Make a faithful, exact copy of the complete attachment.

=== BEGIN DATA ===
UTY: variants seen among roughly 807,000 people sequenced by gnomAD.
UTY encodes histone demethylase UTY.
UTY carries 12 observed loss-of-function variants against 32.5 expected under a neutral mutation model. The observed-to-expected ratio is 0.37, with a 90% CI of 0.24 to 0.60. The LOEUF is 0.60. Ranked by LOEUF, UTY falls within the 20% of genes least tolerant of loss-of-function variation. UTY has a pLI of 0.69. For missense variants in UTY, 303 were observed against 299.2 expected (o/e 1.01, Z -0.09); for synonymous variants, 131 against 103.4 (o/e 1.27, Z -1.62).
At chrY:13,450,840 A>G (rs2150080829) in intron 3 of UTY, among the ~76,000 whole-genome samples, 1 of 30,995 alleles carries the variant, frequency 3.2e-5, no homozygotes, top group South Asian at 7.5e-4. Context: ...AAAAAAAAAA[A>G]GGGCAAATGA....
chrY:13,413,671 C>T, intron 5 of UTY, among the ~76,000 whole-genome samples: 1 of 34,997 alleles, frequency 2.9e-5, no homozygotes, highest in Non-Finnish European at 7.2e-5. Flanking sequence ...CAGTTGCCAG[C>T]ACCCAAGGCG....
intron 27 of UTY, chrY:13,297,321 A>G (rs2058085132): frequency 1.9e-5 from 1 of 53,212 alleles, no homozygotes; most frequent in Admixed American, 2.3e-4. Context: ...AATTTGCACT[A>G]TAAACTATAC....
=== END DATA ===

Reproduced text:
UTY: variants seen among roughly 807,000 people sequenced by gnomAD.
UTY encodes histone demethylase UTY.
UTY carries 12 observed loss-of-function variants against 32.5 expected under a neutral mutation model. The observed-to-expected ratio is 0.37, with a 90% CI of 0.24 to 0.60. The LOEUF is 0.60. Ranked by LOEUF, UTY falls within the 20% of genes least tolerant of loss-of-function variation. UTY has a pLI of 0.69. For missense variants in UTY, 303 were observed against 299.2 expected (o/e 1.01, Z -0.09); for synonymous variants, 131 against 103.4 (o/e 1.27, Z -1.62).
At chrY:13,450,840 A>G (rs2150080829) in intron 3 of UTY, among the ~76,000 whole-genome samples, 1 of 30,995 alleles carries the variant, frequency 3.2e-5, no homozygotes, top group South Asian at 7.5e-4. Context: ...AAAAAAAAAA[A>G]GGGCAAATGA....
chrY:13,413,671 C>T, intron 5 of UTY, among the ~76,000 whole-genome samples: 1 of 34,997 alleles, frequency 2.9e-5, no homozygotes, highest in Non-Finnish European at 7.2e-5. Flanking sequence ...CAGTTGCCAG[C>T]ACCCAAGGCG....
intron 27 of UTY, chrY:13,297,321 A>G (rs2058085132): frequency 1.9e-5 from 1 of 53,212 alleles, no homozygotes; most frequent in Admixed American, 2.3e-4. Context: ...AATTTGCACT[A>G]TAAACTATAC....